The protein coexpression problem in biotechnology and biomedicine : virus 2A and 2A-like sequences provide a solution
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Synthetic biology enables us to create genes virtually at will. Ensuring that multiple genes are efficiently co-expressed within the same cell – to assemble multimeric complexes, to transfer biochemical pathways, to transfer ‘traits’, is more problematic. Viruses such as picornaviruses accomplish exactly this task: they generate multiple, different, proteins from a single open reading frame. The study of how foot-and-mouth disease virus (FMDV) controls it’s protein biogenesis lead to the discovery of a short oligopeptide sequence, ‘2A’, that is able to mediate a co-translational ‘cleavage’ between proteins. 2A and ‘2A-like’ sequences (from other viruses and cellular sequences) can be used to concatenate multiple gene sequences into a single gene, ensuring their co-expression within the same cell. These sequences are now being used in the treatment of cancer, in the production of pluripotent stem cells, to create transgenic plants and animals amongst a host of other biotechnological and biomedical applications.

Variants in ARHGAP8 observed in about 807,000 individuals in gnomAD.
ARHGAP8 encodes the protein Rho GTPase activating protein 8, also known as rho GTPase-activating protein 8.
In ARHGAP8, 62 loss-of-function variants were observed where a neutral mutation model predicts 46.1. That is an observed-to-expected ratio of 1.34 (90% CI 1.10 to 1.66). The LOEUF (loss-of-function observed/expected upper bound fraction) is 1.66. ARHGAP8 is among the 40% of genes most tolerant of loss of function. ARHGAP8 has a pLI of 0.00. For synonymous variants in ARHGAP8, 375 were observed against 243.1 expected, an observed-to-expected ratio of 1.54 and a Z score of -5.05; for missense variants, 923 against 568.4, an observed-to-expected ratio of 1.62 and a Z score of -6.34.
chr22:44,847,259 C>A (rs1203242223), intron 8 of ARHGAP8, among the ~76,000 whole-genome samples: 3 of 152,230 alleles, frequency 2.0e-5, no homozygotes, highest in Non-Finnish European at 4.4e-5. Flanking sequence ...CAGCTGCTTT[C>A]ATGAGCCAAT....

Luke , G A & Ryan , M D 2013 , ' The protein coexpression problem in biotechnology and biomedicine : virus 2A and 2A-like sequences provide a solution ' Future Virology , vol 8 , no. 10 , pp. 983-996 . DOI: 10.2217/fvl.13.82
Copyright, Future Medicine Ltd.
The authors acknowledge the support of the UK Biotechnology and Biological Sciences Research Council (BBSRC), the Wellcome Trust and the UK Medical Research Council (MRC).
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